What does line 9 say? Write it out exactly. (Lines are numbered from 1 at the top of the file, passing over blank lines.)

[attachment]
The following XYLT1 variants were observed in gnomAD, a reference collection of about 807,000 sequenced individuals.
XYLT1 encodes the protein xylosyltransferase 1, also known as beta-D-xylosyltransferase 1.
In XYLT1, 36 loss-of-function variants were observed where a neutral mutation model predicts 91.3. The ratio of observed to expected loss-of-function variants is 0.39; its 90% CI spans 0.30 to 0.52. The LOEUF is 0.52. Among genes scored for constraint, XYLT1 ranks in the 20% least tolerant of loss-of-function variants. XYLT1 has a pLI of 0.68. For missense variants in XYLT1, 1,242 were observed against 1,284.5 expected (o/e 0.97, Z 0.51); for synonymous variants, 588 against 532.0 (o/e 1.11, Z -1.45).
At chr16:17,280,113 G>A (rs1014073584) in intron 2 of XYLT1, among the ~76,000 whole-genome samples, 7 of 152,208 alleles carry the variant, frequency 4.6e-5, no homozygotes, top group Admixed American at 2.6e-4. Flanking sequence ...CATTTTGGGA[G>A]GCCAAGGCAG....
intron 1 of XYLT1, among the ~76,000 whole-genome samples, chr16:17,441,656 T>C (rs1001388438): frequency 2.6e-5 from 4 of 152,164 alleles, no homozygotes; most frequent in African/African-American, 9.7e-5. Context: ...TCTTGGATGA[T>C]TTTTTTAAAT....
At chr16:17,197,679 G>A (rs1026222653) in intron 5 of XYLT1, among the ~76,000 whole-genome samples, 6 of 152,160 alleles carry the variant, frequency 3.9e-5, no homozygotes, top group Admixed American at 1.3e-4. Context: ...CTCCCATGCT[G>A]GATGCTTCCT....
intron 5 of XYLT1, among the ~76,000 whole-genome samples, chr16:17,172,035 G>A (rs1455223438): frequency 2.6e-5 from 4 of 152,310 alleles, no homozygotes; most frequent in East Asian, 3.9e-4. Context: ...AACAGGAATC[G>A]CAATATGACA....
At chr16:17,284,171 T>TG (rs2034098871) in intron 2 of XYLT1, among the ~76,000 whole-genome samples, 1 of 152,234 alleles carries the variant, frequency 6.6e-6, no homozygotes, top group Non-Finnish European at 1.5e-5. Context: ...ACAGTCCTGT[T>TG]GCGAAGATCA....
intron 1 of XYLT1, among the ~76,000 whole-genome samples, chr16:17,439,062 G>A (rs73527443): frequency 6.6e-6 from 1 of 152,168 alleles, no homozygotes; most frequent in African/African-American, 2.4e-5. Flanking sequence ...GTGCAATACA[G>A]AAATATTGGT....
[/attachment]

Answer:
intron 1 of XYLT1, among the ~76,000 whole-genome samples, chr16:17,439,062 G>A (rs73527443): frequency 6.6e-6 from 1 of 152,168 alleles, no homozygotes; most frequent in African/African-American, 2.4e-5. Flanking sequence ...GTGCAATACA[G>A]AAATATTGGT....